Nurse Practitioners Urge Legislators to Follow FTC Lead Against Practice Restrictions AANP supports Federal Trade Commission efforts to protect patient choice and health care competition

AUSTIN, Texas, March 11, 2014 /PRNewswire-USNewswire/ -- The American Association of Nurse Practitioners (AANP), the largest national professional membership organization for nurse practitioners of all specialties, is calling on state lawmakers to consider the consequences of undue restrictions on APRNs or nurse practitioners, as recommended by the Federal Trade Commission (FTC).

On Friday, March 7th, the FTC released a policy paper that states, "limiting the range of services APRNs may provide and the extent to which they can practice independently… may reduce competition that benefits consumers." The Commission goes on to recommend that state legislators exercise caution when evaluating proposals that would limit nurse practitioner practice and direct patient access to nurse practitioner services.

The paper, Policy Perspectives: Competition and the Regulation of Advanced Practice Nurses, is part of the FTC's ongoing work to protect consumer choice and competition in the health care marketplace.

AANP points to the paper as a valuable new resource for legislators weighing the impact of state licensure laws on patient populations.

"Like the FTC, we believe that competition among health care providers results in greater access, lower costs and quality improvement," said Kenneth Miller, PhD, RN, CFNP, FAAN, Co-President of AANP. "Full patient access to high-quality nurse practitioner services is essential for making such competition a reality."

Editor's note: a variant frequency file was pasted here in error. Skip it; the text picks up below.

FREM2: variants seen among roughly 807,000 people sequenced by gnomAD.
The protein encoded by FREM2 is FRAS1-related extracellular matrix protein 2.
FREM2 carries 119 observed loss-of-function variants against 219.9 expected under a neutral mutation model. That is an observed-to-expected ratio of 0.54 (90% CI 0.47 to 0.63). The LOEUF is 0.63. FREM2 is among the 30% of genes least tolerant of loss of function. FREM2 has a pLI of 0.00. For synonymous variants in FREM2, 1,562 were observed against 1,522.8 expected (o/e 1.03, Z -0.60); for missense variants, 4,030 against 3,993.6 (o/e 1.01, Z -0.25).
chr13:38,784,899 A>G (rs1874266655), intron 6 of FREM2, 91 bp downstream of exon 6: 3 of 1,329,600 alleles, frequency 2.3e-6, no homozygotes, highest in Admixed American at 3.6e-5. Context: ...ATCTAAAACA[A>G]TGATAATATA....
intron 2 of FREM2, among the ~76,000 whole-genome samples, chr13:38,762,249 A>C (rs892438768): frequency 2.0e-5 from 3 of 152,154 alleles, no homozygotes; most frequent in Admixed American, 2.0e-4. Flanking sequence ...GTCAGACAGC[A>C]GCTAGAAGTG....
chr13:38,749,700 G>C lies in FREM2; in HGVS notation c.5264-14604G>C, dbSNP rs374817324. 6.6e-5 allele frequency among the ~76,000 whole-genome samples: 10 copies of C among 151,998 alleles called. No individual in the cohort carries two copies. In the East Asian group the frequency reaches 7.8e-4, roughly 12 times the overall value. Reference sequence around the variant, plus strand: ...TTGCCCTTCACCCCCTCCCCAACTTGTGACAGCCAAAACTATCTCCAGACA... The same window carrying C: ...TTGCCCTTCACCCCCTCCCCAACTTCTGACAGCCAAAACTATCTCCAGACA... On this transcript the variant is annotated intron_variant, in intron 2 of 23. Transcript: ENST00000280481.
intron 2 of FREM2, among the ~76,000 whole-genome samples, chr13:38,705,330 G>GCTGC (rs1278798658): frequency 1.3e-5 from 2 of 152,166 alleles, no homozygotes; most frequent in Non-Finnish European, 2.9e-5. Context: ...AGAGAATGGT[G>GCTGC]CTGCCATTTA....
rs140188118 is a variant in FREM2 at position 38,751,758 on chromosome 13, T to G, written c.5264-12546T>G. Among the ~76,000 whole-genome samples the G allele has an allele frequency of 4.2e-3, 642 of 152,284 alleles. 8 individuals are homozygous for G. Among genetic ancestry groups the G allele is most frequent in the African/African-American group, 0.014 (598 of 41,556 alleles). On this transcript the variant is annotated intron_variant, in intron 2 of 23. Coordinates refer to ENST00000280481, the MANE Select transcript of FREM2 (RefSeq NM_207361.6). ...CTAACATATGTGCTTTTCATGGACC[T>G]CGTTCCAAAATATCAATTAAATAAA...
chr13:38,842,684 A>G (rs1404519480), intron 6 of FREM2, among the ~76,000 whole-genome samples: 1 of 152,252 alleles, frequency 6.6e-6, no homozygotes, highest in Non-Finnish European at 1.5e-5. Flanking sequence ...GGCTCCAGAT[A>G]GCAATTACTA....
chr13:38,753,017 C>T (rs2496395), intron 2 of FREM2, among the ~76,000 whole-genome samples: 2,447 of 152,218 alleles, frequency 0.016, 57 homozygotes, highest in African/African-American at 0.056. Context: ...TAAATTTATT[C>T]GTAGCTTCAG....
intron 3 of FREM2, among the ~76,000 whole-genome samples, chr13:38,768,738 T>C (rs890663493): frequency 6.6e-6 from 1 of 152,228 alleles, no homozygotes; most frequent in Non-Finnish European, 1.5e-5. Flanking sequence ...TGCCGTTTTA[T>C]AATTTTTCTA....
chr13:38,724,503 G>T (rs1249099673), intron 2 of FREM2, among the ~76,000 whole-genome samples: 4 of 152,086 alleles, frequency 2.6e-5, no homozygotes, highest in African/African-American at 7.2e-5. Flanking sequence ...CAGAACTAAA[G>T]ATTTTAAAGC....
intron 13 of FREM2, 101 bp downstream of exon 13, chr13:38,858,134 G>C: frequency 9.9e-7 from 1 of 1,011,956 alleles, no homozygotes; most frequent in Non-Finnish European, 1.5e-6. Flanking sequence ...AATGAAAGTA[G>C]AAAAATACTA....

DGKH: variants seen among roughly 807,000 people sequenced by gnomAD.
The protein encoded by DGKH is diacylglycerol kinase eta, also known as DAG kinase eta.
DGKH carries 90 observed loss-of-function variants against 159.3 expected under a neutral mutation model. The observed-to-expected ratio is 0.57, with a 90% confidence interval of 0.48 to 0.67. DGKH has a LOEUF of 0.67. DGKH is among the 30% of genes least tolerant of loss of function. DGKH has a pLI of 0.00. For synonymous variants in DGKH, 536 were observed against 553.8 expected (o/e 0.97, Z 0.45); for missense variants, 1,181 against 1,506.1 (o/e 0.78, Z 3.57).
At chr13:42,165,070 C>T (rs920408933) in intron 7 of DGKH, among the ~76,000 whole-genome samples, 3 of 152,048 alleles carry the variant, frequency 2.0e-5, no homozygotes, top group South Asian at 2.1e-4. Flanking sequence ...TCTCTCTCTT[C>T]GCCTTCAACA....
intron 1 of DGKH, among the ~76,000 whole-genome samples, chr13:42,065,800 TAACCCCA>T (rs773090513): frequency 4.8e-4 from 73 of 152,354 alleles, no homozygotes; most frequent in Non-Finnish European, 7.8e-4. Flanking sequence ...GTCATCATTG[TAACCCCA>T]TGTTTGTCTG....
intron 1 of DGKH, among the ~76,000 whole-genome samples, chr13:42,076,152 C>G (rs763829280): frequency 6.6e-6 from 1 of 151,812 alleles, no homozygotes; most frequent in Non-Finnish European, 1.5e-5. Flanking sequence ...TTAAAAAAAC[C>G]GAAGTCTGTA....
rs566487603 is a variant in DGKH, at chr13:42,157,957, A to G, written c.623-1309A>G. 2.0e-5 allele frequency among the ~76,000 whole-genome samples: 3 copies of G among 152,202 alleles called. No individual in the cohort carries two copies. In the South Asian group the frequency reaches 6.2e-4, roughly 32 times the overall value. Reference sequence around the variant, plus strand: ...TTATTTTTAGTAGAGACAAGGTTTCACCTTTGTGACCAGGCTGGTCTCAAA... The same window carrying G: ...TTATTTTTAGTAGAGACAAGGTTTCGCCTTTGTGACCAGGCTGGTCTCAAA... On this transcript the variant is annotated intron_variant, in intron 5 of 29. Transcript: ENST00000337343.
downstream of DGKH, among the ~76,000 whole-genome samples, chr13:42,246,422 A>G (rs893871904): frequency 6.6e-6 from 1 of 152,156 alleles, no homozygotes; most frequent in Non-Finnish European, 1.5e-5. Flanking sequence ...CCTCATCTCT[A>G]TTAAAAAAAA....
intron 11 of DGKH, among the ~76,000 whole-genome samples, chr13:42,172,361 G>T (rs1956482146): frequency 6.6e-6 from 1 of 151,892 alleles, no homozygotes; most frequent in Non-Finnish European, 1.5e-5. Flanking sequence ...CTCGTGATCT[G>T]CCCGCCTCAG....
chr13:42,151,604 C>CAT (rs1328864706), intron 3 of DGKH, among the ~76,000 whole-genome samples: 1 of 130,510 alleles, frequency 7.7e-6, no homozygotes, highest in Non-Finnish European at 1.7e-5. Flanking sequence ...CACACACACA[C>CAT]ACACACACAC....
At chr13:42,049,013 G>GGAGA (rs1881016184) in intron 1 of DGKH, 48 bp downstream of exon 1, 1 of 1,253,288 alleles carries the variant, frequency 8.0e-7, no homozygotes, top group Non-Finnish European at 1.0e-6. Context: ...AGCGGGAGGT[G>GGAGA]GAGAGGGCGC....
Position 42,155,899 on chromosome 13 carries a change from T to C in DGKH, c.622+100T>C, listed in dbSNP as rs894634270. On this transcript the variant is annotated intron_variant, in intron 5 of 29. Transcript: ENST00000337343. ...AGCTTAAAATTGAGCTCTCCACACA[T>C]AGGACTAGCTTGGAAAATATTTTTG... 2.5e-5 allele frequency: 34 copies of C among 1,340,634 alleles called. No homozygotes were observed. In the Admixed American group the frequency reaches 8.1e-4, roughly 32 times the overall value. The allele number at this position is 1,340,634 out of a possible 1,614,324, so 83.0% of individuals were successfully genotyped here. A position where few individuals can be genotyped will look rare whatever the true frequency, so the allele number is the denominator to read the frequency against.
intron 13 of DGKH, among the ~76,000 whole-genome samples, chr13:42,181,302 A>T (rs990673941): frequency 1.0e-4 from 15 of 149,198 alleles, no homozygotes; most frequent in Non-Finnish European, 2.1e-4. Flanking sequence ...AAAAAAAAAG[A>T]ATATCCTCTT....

"State legislation that prevents full and direct access for patients has the potential to further hamper our health care delivery system," said Angela K. Golden, DNP, FNP-C, FAANP, Co-President of AANP. "It is our hope that legislators pay close attention to the analysis of the FTC and honor the health care needs of their constituents."

The FTC paper included additional statements in support of nurse practitioners, such as:

  • research demonstrates that nurse practitioners provide safe and effective care;
  • nurse practitioners might help alleviate health care access problems across the U.S. if undue regulatory burdens on their practice are reduced;
  • effective collaboration among health care providers, including team-based care, does not always require physician supervision of nurse practitioners; and
  • fewer restrictions on nurse practitioners would be good for competition and America's health care consumers.

The full paper is available at http://www.ftc.gov/system/files/documents/reports/policy-perspectives-competition-regulation-advanced-practice-nurses/140307aprnpolicypaper.pdf.

The American Association of Nurse Practitioners (AANP) is the largest national professional membership organization for nurse practitioners (NPs) of all specialties. It represents the interests of over 189,000 NPs, including nearly 50,000 individual members and 203 organizations, providing a unified networking platform and advocating for their role as providers of high-quality, cost-effective, comprehensive, patient-centered and personalized health care. The organization provides legislative leadership at the local, state and national levels, advancing health policy; promoting excellence in practice, education and research; and establishing standards that best serve NP patients and other health care consumers.

For more information visit aanp.org. To locate an NP in your community, go to npfinder.com.

SOURCE American Association of Nurse Practitioners



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